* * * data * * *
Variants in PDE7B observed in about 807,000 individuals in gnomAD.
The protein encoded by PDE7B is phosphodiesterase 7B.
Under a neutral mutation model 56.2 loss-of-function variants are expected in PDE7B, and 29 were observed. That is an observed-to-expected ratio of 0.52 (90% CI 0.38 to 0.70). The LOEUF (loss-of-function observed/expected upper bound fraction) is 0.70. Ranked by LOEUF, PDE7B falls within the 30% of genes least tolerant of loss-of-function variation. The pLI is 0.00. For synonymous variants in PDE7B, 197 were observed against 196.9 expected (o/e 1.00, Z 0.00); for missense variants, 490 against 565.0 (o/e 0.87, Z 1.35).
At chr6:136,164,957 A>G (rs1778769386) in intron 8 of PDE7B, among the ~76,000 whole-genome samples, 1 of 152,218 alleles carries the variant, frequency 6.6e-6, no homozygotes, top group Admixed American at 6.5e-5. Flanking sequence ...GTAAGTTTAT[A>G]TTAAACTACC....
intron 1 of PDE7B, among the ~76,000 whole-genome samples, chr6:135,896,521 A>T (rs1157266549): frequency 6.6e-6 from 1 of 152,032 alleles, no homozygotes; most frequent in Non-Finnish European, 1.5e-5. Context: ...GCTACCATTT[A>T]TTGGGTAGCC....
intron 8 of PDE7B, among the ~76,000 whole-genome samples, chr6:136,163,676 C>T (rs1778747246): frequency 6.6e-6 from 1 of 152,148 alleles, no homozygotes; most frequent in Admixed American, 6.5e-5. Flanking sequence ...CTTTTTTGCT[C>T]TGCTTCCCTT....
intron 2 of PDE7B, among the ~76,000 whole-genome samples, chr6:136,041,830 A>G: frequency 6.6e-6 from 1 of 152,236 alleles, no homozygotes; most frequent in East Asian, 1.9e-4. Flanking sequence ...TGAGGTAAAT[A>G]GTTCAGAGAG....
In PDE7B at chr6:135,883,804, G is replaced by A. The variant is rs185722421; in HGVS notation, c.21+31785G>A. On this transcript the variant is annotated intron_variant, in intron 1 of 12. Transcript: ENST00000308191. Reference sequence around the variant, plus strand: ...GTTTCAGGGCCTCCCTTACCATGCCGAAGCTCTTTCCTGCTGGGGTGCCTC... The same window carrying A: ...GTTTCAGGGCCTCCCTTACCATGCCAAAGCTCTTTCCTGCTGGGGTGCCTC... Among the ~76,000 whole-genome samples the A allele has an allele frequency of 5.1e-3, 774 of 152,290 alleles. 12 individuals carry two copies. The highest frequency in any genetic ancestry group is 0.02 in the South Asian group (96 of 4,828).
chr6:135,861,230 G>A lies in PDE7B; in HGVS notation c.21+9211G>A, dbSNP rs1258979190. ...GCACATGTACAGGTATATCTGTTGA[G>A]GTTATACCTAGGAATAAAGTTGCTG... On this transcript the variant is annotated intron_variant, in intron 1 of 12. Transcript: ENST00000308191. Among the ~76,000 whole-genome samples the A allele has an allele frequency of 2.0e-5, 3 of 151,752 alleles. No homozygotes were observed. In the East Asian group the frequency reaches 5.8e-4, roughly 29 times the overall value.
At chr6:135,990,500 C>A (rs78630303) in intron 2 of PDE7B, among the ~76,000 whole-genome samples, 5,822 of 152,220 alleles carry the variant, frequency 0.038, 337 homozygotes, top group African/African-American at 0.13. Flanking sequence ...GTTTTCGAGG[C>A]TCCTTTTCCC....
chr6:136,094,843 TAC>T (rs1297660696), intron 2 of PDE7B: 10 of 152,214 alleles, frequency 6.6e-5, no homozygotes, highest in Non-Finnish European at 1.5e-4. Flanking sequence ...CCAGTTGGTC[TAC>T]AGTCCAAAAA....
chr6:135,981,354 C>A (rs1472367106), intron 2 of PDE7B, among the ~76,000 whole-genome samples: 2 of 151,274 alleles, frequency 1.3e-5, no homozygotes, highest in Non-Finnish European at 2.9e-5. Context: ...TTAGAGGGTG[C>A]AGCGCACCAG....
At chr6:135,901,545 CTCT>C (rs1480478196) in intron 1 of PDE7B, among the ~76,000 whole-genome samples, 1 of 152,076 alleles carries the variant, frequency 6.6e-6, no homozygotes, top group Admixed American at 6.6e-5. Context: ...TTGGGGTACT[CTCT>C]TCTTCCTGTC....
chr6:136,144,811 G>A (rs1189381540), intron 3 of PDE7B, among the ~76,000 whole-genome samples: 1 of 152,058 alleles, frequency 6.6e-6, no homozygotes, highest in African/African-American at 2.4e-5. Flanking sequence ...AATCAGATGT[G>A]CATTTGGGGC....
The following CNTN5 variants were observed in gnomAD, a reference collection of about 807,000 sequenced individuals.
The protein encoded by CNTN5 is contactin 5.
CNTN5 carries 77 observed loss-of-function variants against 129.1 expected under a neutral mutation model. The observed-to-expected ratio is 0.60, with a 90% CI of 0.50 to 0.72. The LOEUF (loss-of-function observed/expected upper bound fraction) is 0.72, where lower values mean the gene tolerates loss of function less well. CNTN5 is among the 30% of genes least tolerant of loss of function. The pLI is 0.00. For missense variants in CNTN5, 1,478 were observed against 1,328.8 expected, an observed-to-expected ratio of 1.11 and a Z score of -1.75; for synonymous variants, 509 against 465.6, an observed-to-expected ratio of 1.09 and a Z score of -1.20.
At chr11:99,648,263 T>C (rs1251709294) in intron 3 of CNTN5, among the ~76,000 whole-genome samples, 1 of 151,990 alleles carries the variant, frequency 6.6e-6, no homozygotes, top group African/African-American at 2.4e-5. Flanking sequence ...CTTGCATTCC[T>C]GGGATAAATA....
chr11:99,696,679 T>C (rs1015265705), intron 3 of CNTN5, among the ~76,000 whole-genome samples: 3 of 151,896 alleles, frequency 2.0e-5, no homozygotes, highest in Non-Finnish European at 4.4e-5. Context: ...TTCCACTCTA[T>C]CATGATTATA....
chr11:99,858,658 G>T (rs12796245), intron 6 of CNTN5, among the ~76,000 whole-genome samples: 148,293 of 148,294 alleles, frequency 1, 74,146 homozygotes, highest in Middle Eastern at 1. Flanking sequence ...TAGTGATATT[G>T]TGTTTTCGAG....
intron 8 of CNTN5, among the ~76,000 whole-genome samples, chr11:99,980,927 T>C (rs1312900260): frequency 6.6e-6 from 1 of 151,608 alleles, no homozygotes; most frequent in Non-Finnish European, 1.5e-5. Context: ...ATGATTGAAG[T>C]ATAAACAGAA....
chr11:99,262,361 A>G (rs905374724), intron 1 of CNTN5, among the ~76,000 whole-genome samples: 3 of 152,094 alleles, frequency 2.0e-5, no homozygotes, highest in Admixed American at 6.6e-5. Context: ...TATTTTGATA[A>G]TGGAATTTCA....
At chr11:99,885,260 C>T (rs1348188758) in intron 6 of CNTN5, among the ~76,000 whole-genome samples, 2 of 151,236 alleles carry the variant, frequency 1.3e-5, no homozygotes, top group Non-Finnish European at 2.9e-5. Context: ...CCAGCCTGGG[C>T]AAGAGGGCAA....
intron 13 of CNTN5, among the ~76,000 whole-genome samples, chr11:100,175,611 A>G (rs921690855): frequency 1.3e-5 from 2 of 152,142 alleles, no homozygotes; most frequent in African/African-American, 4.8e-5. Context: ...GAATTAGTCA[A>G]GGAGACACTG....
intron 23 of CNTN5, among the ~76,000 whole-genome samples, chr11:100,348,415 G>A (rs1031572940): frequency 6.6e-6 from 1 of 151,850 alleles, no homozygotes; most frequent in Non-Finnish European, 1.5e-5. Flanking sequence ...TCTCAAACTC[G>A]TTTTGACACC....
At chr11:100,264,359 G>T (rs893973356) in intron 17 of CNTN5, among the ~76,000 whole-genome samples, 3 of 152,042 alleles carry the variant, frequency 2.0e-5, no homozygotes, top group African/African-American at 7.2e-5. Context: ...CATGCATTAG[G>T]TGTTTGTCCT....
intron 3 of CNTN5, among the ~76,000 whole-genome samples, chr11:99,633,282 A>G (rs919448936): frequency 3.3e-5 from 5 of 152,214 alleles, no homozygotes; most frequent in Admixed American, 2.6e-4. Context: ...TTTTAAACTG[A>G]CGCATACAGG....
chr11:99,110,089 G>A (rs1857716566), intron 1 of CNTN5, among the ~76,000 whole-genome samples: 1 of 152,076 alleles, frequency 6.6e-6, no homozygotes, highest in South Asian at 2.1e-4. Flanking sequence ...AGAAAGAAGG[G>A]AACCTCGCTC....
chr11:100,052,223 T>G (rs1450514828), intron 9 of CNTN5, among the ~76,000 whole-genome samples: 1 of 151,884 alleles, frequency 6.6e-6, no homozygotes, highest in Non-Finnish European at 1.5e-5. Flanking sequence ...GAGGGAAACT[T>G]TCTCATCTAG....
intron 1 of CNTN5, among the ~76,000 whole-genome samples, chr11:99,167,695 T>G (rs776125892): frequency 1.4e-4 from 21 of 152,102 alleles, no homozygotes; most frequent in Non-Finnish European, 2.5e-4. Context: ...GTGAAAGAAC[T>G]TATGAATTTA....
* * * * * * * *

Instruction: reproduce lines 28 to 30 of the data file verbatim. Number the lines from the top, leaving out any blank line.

chr11:99,110,089 G>A (rs1857716566), intron 1 of CNTN5, among the ~76,000 whole-genome samples: 1 of 152,076 alleles, frequency 6.6e-6, no homozygotes, highest in South Asian at 2.1e-4. Flanking sequence ...AGAAAGAAGG[G>A]AACCTCGCTC....
chr11:100,052,223 T>G (rs1450514828), intron 9 of CNTN5, among the ~76,000 whole-genome samples: 1 of 151,884 alleles, frequency 6.6e-6, no homozygotes, highest in Non-Finnish European at 1.5e-5. Flanking sequence ...GAGGGAAACT[T>G]TCTCATCTAG....
intron 1 of CNTN5, among the ~76,000 whole-genome samples, chr11:99,167,695 T>G (rs776125892): frequency 1.4e-4 from 21 of 152,102 alleles, no homozygotes; most frequent in Non-Finnish European, 2.5e-4. Context: ...GTGAAAGAAC[T>G]TATGAATTTA....